Hiscox is taking a bold stand on rates in the solicitors' PI market

In one month, the state of the solicitors’ private indemnity market should become clearer.

With the 1 October renewal date fast approaching the winners and losers in the intensely competitive market will be crowned.

Companies, such as Hiscox, that have held firm on decisions to raise rates, despite the industry trend to undersell the product, may find it is no longer worth trying to maintain a presence in the market, particularly if so-called loyal clients seek policies in greener (and cheaper) pastures.

Hiscox raised its premiums several years ago, claiming the market average was inadequate. The move cost about £300,000 worth of business and plunged its market share from 8% to 0.1%.

The company was left with 160 law firm clients but how many of those it will retain come 1 October has yet to be seen.

Gary Head, director professions & specialty commercial division says: “We don’t know how many of them we will hold on to.”

Hiscox is willing to let firms walk if they opt for cheaper coverage with another company.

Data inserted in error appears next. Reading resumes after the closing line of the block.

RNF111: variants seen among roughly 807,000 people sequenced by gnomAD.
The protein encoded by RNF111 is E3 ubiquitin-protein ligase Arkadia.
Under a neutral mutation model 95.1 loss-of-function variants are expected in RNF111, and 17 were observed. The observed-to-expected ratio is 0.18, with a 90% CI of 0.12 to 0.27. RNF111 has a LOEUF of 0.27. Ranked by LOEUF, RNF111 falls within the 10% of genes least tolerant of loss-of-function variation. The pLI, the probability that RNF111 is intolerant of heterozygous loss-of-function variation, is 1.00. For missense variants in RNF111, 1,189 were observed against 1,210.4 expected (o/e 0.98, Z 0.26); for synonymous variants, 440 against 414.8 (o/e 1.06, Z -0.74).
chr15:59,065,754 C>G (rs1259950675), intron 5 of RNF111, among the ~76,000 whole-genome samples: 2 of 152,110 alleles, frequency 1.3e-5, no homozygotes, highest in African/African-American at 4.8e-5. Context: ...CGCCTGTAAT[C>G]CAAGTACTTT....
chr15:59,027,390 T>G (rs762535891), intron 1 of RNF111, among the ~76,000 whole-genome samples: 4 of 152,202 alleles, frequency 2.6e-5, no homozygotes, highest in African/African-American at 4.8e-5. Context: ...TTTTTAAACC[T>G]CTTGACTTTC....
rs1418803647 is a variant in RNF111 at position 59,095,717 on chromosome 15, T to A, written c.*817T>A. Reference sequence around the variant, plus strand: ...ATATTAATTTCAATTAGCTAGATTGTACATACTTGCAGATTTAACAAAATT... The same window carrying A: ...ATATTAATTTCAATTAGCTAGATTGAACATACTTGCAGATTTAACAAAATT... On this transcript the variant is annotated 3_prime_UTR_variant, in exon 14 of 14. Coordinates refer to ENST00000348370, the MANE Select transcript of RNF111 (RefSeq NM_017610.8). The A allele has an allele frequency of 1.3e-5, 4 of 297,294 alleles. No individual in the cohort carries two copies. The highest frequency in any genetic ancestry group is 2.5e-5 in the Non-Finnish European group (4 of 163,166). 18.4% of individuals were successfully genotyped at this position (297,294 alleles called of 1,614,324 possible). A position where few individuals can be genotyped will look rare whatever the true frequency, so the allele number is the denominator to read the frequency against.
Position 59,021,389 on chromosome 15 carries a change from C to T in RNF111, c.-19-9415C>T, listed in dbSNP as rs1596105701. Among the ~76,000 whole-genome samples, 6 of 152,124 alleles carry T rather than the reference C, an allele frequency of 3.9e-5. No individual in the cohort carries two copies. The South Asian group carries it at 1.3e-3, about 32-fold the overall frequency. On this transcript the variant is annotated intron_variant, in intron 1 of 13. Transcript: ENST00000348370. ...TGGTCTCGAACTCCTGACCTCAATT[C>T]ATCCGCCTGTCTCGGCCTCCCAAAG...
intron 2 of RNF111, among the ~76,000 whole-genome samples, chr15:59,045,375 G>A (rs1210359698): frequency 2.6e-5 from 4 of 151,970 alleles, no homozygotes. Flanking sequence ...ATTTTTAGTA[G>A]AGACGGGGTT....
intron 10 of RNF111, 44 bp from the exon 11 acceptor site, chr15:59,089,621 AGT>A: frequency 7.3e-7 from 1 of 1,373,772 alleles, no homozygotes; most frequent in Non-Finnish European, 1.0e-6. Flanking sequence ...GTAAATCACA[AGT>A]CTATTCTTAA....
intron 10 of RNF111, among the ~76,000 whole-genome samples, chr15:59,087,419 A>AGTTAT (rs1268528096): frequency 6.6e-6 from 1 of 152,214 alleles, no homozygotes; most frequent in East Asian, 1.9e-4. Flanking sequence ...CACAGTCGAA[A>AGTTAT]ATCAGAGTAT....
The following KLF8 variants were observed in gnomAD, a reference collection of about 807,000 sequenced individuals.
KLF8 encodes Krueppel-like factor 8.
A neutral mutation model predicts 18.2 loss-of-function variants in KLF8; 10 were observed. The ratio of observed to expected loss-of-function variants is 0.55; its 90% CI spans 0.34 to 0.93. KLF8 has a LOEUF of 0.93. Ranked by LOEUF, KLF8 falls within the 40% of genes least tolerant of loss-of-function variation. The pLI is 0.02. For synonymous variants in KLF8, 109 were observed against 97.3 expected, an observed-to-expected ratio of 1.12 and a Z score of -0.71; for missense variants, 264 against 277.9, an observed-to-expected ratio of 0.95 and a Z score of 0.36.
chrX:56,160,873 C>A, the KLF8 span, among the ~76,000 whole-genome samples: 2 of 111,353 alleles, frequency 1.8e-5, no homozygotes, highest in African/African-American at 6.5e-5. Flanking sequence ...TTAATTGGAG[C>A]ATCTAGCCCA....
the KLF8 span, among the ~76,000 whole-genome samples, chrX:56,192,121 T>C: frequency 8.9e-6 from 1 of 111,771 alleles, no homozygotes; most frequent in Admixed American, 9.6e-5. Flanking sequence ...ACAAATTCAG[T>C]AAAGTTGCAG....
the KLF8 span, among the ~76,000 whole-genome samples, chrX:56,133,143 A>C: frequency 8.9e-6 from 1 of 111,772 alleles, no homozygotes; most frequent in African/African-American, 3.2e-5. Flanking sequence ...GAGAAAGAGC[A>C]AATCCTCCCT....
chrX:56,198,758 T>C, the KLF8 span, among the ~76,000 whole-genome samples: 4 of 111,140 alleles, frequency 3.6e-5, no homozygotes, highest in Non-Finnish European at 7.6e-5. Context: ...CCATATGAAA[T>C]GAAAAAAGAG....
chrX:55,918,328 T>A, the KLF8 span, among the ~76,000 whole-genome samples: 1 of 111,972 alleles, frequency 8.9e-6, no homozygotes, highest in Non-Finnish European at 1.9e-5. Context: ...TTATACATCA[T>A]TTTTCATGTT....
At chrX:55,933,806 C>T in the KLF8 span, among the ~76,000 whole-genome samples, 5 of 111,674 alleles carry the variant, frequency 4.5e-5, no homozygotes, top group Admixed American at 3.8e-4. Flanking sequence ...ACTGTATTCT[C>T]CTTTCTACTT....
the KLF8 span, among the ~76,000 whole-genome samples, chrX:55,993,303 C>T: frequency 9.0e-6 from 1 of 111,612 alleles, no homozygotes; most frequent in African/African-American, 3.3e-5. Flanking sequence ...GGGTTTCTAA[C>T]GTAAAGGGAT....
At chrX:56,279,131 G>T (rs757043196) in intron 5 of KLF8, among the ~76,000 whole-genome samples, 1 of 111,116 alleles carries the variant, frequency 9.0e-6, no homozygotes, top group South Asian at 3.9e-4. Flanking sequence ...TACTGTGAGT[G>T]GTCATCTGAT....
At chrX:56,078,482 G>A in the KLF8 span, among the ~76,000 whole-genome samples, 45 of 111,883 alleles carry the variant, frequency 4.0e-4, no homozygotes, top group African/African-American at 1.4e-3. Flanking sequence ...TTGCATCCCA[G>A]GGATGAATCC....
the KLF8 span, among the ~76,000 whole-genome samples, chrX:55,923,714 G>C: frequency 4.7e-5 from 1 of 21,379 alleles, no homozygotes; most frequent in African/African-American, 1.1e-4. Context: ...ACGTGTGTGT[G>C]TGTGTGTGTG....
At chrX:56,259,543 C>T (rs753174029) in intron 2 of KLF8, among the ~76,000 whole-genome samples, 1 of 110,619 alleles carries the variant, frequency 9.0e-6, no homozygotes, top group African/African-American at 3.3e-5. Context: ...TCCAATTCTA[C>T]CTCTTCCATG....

At the cost of losing business, Hiscox is letting its underwriting determine the rates, not its competition.

Instead, the company is setting its sights on what it claims are more profitable areas in the professional indemnity market such as IT operations, charities and naturopathic medicine.

Yet other insurers such as Royal & Sun Alliance are willing to rise to the challenge within the solicitors’ PI market, claiming a desire to write more business but on a bespoke basis to ensure adequate rates.

During last year’s renewal season, solicitors’ PI premiums fell by nearly 15%.

In 2000, when solicitors’ PI was opened to the insurance market from the solicitors’ indemnity fund (SIF), contributions were £250m.

Last year, the amount collected by the open market was £210m, this despite solicitors taking on 70% more work per year, according to Head. This figure should be £400m to £500m.

We will have to wait until October to see if the market agrees.